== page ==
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post #10 of 39 (permalink) Old 01-22-2021, 03:56 AM Thread Starter
 
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Re: Evolution pickups

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Originally Posted by madasahatter View Post
My first thought was it's probably not the pickups, but somewhere in the difference of parts or wood that's making the JEM sustain comparatively less than the PRS. I find in general that heavier & denser woods produce more sustain. Not knowing what woods are used in your guitars it may be that the PRS uses a denser wood than the JEM. Another big factor is the bridge. The type, weight, and material make a big difference. I'm assuming your JEM has a floyd on it. Floyd's do have a reputation for sustaining less than other types of bridges, that's just the nature. It helps if it's made of good quality steel vs pot metal. Another thing is the tremolo block. If you have the normal tiny one, it won't sustain as well as if you have a thick heavy brass block. Actually, you may want to start there; see if you have a big brass trem block. If not, upgrade to one of the Fat Brass Tremolo Blocks. They're about $35 give or take.... A lot cheaper than swapping pickups and should be an improvement.
I think this option might be the best one. After more listening back and forth and double checking the wiring, I can't knock the sound and maybe a trem block would give it that extra sustain for less money than a pickup change that may not be needed.
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post #11 of 39 (permalink) Old 01-22-2021, 11:29 AM
 
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Re: Evolution pickups

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Originally Posted by jamie1981 View Post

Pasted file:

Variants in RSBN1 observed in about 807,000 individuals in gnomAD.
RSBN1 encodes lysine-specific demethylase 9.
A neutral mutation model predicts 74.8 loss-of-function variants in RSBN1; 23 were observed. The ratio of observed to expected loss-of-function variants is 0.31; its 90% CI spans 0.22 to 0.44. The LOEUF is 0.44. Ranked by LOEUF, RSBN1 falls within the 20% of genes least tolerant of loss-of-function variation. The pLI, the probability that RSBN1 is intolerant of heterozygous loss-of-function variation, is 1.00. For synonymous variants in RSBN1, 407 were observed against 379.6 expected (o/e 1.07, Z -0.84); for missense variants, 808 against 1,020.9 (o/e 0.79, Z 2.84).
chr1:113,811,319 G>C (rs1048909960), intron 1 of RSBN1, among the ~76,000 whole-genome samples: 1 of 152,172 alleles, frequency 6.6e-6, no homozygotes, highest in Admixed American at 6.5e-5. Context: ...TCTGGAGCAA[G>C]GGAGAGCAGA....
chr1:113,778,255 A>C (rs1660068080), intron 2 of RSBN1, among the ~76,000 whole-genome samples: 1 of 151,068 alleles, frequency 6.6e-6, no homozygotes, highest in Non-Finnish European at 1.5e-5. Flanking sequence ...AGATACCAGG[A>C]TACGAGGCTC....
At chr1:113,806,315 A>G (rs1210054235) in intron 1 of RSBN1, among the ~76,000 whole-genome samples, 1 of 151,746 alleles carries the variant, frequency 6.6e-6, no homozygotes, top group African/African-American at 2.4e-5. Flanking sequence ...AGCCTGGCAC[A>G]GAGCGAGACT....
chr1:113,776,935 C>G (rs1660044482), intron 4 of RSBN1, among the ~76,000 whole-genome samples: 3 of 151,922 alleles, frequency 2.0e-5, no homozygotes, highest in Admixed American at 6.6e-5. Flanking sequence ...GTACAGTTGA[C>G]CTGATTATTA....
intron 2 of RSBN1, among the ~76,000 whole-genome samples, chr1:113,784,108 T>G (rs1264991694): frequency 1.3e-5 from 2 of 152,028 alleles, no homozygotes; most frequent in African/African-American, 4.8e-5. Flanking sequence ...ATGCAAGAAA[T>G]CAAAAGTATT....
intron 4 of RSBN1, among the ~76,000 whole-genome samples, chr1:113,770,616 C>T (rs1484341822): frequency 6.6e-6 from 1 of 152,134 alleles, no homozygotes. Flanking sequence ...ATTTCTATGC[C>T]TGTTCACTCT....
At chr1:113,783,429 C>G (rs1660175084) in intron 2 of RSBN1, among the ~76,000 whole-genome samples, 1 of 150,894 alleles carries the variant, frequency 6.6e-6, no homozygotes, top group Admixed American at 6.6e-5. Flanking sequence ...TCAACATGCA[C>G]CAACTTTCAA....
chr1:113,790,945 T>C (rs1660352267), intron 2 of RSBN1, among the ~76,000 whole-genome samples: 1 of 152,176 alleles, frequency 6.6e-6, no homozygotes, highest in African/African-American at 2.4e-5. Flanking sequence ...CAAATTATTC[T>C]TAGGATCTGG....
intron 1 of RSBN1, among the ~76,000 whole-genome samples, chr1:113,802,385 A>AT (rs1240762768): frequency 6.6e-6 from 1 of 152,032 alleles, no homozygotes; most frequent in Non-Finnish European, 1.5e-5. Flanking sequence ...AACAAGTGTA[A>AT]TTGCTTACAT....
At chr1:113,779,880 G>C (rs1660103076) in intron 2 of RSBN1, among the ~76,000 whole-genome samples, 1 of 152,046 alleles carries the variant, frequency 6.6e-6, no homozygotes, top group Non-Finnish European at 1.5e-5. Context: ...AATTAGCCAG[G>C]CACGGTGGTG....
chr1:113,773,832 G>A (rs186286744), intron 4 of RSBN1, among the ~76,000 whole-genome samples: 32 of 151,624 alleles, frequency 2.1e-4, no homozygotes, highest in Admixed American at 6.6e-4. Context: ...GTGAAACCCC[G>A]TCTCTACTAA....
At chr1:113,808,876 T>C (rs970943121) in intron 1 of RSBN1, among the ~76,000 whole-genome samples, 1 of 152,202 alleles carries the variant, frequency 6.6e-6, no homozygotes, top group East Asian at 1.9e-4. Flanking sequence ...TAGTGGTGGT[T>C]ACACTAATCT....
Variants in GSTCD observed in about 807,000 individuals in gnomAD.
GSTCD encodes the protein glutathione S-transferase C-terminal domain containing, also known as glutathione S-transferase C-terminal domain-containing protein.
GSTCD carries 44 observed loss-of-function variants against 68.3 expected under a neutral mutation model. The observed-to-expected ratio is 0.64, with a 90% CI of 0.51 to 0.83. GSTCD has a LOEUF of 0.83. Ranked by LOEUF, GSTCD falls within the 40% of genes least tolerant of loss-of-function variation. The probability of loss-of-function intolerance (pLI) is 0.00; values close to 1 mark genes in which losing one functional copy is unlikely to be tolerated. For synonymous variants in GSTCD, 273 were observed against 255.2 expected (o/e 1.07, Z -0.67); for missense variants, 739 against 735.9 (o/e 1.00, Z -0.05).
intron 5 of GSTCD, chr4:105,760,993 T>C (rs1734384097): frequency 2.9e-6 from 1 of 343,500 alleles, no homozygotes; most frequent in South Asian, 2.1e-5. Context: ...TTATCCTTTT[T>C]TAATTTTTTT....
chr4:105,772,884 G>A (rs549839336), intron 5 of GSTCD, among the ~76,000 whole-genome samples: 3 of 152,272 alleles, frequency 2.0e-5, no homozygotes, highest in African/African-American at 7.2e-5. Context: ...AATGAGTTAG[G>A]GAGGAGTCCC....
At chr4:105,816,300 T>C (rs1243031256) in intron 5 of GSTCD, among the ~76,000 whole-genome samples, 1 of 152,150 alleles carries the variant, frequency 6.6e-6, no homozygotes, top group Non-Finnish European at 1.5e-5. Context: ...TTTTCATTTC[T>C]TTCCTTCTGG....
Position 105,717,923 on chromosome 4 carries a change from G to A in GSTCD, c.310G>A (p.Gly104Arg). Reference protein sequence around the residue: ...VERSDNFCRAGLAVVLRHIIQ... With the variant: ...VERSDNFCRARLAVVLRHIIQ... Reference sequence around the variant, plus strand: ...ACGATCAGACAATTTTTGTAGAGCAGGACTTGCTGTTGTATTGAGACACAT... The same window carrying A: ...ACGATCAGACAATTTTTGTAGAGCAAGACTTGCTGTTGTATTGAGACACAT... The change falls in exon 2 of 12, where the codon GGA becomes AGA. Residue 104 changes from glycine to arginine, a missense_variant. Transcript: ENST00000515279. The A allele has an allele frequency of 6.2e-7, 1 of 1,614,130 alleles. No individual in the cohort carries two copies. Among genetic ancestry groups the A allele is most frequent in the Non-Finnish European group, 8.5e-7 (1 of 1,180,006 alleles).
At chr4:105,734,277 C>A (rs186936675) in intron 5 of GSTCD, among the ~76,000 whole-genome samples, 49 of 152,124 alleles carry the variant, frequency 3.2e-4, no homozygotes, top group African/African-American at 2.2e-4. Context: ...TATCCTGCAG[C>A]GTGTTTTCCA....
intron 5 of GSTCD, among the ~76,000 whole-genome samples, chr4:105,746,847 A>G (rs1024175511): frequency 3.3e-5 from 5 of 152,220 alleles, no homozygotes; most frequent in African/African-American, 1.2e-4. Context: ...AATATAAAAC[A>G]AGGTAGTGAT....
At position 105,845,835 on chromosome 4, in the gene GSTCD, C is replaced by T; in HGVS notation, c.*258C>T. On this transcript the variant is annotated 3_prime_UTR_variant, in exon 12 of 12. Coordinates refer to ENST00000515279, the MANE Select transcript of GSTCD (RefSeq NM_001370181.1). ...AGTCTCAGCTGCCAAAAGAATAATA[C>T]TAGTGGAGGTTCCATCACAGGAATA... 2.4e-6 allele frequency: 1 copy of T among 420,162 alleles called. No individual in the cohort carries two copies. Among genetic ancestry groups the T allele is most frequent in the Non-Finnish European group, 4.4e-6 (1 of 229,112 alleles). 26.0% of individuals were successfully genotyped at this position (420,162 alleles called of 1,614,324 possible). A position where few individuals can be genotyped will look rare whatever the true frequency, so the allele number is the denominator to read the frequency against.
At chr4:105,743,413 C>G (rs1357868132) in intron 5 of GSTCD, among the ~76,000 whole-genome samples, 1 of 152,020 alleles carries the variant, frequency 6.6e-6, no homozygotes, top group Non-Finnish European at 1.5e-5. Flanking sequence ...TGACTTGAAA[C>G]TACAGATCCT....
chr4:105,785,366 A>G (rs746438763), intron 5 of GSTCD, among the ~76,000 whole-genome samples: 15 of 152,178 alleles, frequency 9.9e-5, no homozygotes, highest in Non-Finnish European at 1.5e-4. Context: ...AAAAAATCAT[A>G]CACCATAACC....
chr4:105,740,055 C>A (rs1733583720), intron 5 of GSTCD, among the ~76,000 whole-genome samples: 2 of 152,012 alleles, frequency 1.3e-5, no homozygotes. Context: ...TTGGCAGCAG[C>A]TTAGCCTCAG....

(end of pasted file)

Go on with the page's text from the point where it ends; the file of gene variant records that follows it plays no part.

I think this option might be the best one. After more listening back and forth and double checking the wiring, I can't knock the sound and maybe a trem block would give it that extra sustain for less money than a pickup change that may not be needed.

You are probably right on the guitar construction... I'm no PRS expert, but yours is probably mahogany with a maple cap and 85/15 pickups? It is naturally going to have good sustain and those pickups sound great. I'm an Ibanez guy though and through, but still want a nice PRS after playing an S2 a couple of years ago.
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post #12 of 39 (permalink) Old 01-22-2021, 02:05 PM Thread Starter
 
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Quote:
Originally Posted by jamie1981 View Post
I think this option might be the best one. After more listening back and forth and double checking the wiring, I can't knock the sound and maybe a trem block would give it that extra sustain for less money than a pickup change that may not be needed.

You are probably right on the guitar construction... I'm no PRS expert, but yours is probably mahogany with a maple cap and 85/15 pickups? It is naturally going to have good sustain and those pickups sound great. I'm an Ibanez guy though and through, but still want a nice PRS after playing an S2 a couple of years ago.
Pickups are 85/15s and it is Mahogany Flame Maple with a Maple neck and Rosewood Fingerboard in Whale Blue. Beautiful looking thing and it does sound amazing. It's shocking how many people actually want to change those pups. I love my Jem and I'll be 100% honest, I play my Prs more. Just feels and sounds great for every genre. I was going to go for the S2 but I couldn't justify the extra money. It all depends on which bridge and nut you want because I believe the S2 is more upgraded in that respect.
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post #13 of 39 (permalink) Old 01-22-2021, 02:47 PM
 
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Re: Evolution pickups

I've never considered pickups part of sustain, it's always more about the construction of the guitar and the connection between the string and fret/bridge that matters most. Higher output pickups can technically have more pull on the strings and lower sustain, but it's offset by the higher output anyway. The one time I had an issue with a guitar not sustaining it was a worn out old Floyd Rose bridge with heavy wear on the saddles in particular, when I replaced the bridge with a new Floyd Rose Pro (German) the sustain issue was gone, when I then gave it a fret levelling/crown it improved further.